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ciera 11-19-2008 07:32 AM

Repairing concrete sidewalk
One panel of our sidewalk is original stone (not concrete). However, there are some large cracks around it (where the stone and concrete meet) and there are some dish-like divots in the middle. Kind of like scaling, but on solid stone. The stone is also slightly lower than the surrounding sidewalk, so we're thinking we can just do an overlay. A couple questions though:

1) Will doing a concrete overlay on stone work?

2) How do we handle the large cracks and the shallow overlay? My understanding was we use the premix (with gravel already in it) for the large cracks, but several areas will be only 1/2 inch thick, so it seems like we can't use gravel. Do we use no gravel anywhere, or do we mix two batches (one with and one without) and layer them together?

3) Our books say to do concrete when it's 60-50 degrees. Looks like the weekend is not going to cooperate though. (They originally said 45, and now they're saying 30.) Can we still do this when it's cold? Any special precautions?

Our goal is not to have a long term solution, but at least get us through a couple years with something reasonably flat.


glennjanie 11-19-2008 01:08 PM

Welcome Ciera:
Standard concrete has to be at least 2" thick to keep from popping off. Putting it on the stone would be no problem otherwise.
There may be an exterior floor patching concrete product that will hold in a thinner situation but I don't know about it. You will need the higher temperatures either way.

ciera 11-19-2008 06:39 PM

Darn, so I basically have to hold off until warmer temps in April? The long range forecast is that we're getting a colder than normal winter, so if it's too cold this weekend, no hope until then I guess.

The book I have implied that a concrete overlay could be extremely thin, but it didn't say anything about a special product. I'll check into that though, thanks!

yesitsconcrete 11-29-2008 05:39 AM

temp's important when its below 40f when the work's best left to pro's,,, above 40, conc can safely be placed, finished, & cured by anyone w/good conc skills/knowledge/experience,,, caution - be certain temp won't drop below 40f & protect conc w/blankets to retain heat generated by curing ( hydration ),,, conc's exothermic yet it needs its created heat to complete the cure.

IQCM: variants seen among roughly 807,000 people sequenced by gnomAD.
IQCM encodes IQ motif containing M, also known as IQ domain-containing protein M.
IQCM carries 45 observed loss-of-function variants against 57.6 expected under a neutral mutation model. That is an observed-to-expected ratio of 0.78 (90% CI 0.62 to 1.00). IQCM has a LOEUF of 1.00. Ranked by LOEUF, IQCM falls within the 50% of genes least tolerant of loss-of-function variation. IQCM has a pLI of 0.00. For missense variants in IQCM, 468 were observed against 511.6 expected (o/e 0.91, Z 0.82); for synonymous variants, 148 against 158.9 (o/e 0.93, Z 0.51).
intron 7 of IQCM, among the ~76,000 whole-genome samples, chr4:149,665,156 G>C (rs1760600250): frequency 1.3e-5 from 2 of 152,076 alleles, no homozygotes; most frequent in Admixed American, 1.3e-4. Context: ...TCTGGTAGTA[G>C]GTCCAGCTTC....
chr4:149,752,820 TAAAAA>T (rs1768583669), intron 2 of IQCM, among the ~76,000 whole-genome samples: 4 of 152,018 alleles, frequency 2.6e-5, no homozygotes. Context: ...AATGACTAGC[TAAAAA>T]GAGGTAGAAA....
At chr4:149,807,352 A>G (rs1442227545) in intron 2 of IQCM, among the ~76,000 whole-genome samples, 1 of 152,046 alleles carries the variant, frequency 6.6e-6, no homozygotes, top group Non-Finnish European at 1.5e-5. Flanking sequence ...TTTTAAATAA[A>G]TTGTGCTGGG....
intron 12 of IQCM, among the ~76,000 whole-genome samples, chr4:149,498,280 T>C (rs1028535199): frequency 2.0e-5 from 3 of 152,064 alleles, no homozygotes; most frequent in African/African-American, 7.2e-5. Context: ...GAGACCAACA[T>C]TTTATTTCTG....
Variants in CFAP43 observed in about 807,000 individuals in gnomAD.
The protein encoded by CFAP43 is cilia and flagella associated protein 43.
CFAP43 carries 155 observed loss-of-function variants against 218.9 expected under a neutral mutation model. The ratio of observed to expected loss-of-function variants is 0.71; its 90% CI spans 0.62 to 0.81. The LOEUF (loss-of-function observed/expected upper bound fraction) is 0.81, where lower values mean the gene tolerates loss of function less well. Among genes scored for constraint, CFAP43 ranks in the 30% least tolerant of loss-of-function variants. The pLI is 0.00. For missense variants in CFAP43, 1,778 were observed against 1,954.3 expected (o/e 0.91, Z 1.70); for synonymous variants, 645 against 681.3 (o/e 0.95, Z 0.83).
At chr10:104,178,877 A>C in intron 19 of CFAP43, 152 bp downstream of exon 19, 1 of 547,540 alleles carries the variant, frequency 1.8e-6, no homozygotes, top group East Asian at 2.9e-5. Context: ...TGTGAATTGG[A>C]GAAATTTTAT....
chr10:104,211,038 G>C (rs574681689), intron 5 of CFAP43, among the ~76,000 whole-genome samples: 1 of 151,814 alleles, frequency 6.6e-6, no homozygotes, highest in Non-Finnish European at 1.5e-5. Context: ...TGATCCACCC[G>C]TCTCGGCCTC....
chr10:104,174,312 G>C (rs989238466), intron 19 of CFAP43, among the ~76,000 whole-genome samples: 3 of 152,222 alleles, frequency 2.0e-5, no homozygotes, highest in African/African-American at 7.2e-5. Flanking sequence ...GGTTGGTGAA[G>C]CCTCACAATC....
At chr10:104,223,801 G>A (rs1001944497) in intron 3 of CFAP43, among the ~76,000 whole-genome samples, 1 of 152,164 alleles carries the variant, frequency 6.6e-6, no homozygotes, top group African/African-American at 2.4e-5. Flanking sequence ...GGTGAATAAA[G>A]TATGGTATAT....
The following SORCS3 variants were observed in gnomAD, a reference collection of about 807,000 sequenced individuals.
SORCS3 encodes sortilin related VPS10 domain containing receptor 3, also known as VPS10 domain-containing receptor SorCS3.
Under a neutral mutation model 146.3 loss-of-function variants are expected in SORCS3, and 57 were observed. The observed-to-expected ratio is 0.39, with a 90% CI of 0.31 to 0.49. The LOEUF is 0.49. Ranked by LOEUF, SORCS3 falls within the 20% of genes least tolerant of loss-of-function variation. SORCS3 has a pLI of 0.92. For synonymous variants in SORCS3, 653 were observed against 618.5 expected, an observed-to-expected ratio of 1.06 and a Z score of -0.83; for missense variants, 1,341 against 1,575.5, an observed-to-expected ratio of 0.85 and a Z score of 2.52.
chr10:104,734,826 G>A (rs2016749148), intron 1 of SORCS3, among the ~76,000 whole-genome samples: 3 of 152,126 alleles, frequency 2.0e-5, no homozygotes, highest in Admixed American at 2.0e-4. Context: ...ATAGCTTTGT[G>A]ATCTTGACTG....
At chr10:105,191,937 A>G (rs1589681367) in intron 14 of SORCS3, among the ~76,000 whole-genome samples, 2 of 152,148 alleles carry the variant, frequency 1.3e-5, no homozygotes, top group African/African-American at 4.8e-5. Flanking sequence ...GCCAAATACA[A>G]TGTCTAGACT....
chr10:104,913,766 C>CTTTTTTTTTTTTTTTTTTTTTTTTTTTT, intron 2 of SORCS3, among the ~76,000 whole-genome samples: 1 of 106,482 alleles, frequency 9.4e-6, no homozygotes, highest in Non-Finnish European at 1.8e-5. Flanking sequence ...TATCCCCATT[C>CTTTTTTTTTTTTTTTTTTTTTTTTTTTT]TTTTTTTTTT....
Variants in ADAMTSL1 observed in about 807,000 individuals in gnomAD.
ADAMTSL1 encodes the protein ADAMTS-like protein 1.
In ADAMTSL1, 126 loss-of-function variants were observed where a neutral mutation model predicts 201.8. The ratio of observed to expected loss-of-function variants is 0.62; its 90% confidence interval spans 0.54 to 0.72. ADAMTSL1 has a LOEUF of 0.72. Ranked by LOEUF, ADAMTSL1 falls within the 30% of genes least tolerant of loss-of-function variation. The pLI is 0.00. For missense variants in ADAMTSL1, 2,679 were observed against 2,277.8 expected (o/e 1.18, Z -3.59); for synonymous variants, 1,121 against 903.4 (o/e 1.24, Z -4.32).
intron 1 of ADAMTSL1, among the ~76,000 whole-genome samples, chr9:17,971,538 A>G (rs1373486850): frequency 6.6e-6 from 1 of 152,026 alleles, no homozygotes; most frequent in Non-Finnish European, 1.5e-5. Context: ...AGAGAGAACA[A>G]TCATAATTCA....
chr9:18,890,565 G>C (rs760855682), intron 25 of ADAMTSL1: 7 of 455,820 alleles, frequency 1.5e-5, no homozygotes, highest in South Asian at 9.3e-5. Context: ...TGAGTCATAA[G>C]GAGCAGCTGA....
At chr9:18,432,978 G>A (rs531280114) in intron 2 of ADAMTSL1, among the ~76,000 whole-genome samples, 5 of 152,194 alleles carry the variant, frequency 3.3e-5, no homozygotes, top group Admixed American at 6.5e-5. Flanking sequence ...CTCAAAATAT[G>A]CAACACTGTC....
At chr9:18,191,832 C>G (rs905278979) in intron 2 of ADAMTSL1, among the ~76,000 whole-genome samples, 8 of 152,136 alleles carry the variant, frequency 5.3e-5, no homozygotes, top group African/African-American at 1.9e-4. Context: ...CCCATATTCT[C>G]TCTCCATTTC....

an overlay's possible using the correct mtls ( polymers, cement, fine aggregate, & water ) but its VERY tricky & i wouldn't suggest the work to anyone inexperienced,,, any jnts/crks present will reflect in the overlay.

1) Will doing a conc o'lay on stone work? possibly yes but, generally, no in your instance.

2) large crks & shallow o'lay? those crks have become working joints & should be addressed w/flexible sealant rather'n any mtl that has no elastomeric quality,,, in short, you cannot address 'em w/conc mix in a bag,,, layering different mix designs will only result in strength to the lever of the weakest mix.

3) see 1st paragraph

4) my best advice ? - post a sign saying ' watch your step ' :D & replace the stones when the weather's warmer ;)

ciera 11-30-2008 06:59 PM

Yeah, we're going to wait until spring now.

I should clarify. I did not mean to say stone work in the typical context. What I mean is that the sidewalk is stone. As in, one gigantic slab of stone, about 4 feet long and the width of the walk. (Slate, possibly? It's sedimentary and seems to have held up reasonably well given that it's been walked and rained on for a century.) Walking around the neighborhood, this seems to be original (turn of the 20th century). We also still have the stone curb, even in places where the sidewalk was replaced with concrete. (There's a strip of grass between them, so they don't always get replaced at the same time.)

The cracks are not in the middle of the stone. They're on the edge, where the stone meets the concrete. The stone and concrete is flaking away in those areas, made worse by the fact that plants started rooting in between them. I'll see if I can get a picture.

yesitsconcrete 12-02-2008 05:38 AM

possibly slate but, more likely, flagstone which was less expensive & MUCH more common to your/our area,,, our main entrance had a piece 8" thick & measured 10' square,,, conc should never 'touch' stone - instead, there should be a space between 'em which's then sealed w/backer rod & joint sealant, not caulk.

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